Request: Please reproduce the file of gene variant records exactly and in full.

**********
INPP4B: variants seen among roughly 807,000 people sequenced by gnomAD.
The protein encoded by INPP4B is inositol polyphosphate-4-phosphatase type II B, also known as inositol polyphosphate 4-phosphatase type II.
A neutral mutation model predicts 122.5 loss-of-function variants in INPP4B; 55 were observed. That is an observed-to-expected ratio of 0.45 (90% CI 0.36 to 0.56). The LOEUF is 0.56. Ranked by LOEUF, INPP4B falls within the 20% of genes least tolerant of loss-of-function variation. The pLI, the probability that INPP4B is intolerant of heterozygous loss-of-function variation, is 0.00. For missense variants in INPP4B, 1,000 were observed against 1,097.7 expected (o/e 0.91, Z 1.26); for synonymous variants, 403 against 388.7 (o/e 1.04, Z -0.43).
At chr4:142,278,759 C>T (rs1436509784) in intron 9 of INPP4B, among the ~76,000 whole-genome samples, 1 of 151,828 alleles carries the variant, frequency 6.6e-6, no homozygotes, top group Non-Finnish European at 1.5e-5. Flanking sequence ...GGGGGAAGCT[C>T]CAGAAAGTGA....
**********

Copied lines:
INPP4B: variants seen among roughly 807,000 people sequenced by gnomAD.
The protein encoded by INPP4B is inositol polyphosphate-4-phosphatase type II B, also known as inositol polyphosphate 4-phosphatase type II.
A neutral mutation model predicts 122.5 loss-of-function variants in INPP4B; 55 were observed. That is an observed-to-expected ratio of 0.45 (90% CI 0.36 to 0.56). The LOEUF is 0.56. Ranked by LOEUF, INPP4B falls within the 20% of genes least tolerant of loss-of-function variation. The pLI, the probability that INPP4B is intolerant of heterozygous loss-of-function variation, is 0.00. For missense variants in INPP4B, 1,000 were observed against 1,097.7 expected (o/e 0.91, Z 1.26); for synonymous variants, 403 against 388.7 (o/e 1.04, Z -0.43).
At chr4:142,278,759 C>T (rs1436509784) in intron 9 of INPP4B, among the ~76,000 whole-genome samples, 1 of 151,828 alleles carries the variant, frequency 6.6e-6, no homozygotes, top group Non-Finnish European at 1.5e-5. Flanking sequence ...GGGGGAAGCT[C>T]CAGAAAGTGA....